Allen Welsh Dulles

(1893-04-07)April 7, 1893
Watertown, New York, U.S.
DiedJanuary 29, 1969(1969-01-29)(aged 75)
Washington, D.C., U.S.
Resting placeGreen Mount Cemetery
Political partyRepublican
Clover Todd
(m. 1920; her death 1974)
EducationPrinceton University(BA)
George Washington University(LLB)

Early life and family

Dulles was born on April 7, 1893, in Watertown, New York,[2] one of five children of Presbyterian minister Allen Macy Dulles, and his wife, Edith F. (Foster). He was five years younger than his brother John Foster Dulles, Dwight D. Eisenhower's Secretary of State and chairman and senior partner of Sullivan & Cromwell, and two years older than his sister, diplomat Eleanor Lansing Dulles. His maternal grandfather, John W. Foster, was Secretary of State under Benjamin Harrison, while his uncle by marriage, Robert Lansing was Secretary of State under Woodrow Wilson.[3] Dulles was uncle to Avery Dulles, a Jesuit priest and cardinal of the Catholic Church, who taught theology at Fordham University from 1988 to 2008.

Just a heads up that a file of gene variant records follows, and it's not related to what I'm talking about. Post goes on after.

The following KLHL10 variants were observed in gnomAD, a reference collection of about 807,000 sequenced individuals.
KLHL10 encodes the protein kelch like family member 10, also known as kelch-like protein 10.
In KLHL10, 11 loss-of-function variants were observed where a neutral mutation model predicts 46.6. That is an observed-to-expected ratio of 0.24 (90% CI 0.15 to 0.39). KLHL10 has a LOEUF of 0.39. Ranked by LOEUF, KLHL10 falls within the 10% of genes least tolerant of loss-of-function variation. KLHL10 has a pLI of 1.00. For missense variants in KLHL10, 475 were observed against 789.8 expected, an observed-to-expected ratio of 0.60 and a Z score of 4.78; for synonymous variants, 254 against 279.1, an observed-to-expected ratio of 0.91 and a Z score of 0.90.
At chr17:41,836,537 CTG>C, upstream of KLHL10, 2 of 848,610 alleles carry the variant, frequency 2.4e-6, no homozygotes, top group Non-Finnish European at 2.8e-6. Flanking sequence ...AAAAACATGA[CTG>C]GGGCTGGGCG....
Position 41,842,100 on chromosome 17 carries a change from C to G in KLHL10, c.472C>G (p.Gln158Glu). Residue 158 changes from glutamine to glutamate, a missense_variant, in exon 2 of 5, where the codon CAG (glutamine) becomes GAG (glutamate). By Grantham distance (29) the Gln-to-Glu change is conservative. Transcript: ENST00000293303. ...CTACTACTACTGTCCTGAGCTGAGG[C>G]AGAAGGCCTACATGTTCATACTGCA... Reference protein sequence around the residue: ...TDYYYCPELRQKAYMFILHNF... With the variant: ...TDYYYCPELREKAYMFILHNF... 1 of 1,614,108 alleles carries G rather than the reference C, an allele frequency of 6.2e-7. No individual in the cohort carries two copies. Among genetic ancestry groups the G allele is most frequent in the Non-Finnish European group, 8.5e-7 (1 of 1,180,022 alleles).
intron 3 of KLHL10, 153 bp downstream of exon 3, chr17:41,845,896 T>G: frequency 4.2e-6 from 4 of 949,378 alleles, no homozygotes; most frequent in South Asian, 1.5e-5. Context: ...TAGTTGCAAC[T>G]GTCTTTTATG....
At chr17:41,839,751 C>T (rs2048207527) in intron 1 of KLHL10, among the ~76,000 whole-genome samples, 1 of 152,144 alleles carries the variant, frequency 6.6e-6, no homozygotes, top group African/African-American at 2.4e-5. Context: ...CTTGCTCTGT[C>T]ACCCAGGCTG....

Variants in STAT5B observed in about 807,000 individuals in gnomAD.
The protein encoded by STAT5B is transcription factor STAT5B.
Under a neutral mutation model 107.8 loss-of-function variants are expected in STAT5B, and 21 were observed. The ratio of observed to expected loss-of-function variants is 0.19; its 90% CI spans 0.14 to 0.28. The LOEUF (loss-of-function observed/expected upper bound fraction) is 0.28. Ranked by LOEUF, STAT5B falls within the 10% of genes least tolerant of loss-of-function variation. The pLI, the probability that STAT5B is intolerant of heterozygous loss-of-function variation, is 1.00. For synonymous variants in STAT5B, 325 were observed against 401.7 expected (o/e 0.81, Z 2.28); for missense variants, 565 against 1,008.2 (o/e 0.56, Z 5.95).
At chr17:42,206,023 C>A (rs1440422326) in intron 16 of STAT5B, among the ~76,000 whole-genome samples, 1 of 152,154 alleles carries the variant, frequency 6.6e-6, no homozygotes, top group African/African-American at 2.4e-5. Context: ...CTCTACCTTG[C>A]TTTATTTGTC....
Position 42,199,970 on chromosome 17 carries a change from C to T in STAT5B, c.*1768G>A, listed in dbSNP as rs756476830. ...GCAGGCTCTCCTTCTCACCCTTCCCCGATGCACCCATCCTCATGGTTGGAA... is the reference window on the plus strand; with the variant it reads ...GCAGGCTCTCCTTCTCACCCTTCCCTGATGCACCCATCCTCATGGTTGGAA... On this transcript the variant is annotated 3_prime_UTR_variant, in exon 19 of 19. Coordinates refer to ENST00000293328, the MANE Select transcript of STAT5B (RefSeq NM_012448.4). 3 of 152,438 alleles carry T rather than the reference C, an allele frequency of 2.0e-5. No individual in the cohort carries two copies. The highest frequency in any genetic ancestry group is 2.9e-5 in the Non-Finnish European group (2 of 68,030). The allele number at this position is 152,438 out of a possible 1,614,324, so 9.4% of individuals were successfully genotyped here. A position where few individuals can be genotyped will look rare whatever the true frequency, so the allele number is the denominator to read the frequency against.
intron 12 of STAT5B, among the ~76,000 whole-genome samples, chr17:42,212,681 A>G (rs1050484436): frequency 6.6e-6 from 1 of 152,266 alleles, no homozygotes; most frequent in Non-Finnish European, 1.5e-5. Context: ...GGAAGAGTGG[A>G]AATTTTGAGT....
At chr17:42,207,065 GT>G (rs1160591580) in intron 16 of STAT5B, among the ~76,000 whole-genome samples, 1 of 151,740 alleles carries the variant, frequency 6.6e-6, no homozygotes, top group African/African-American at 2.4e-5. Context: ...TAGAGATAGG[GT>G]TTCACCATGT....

Dulles graduated from Princeton University, where he participated in the American Whig–Cliosophic Society,[4] and entered the diplomatic service in 1916. In 1920, he married Clover Todd (March 5, 1894 – April 15, 1974). They had three children; two daughters: Clover D. Jebsen, ("Toddy"), and Joan Buresch Dulles Molden, ("Joan Buresch"); and one son, Allen Macy Dulles Jr., who was wounded and permanently disabled in the Korean War and spent the rest of his life in and out of medical care.[5] According to his sister, Eleanor, Dulles had "at least a hundred" extramarital affairs, including some during his tenure with the CIA.[6]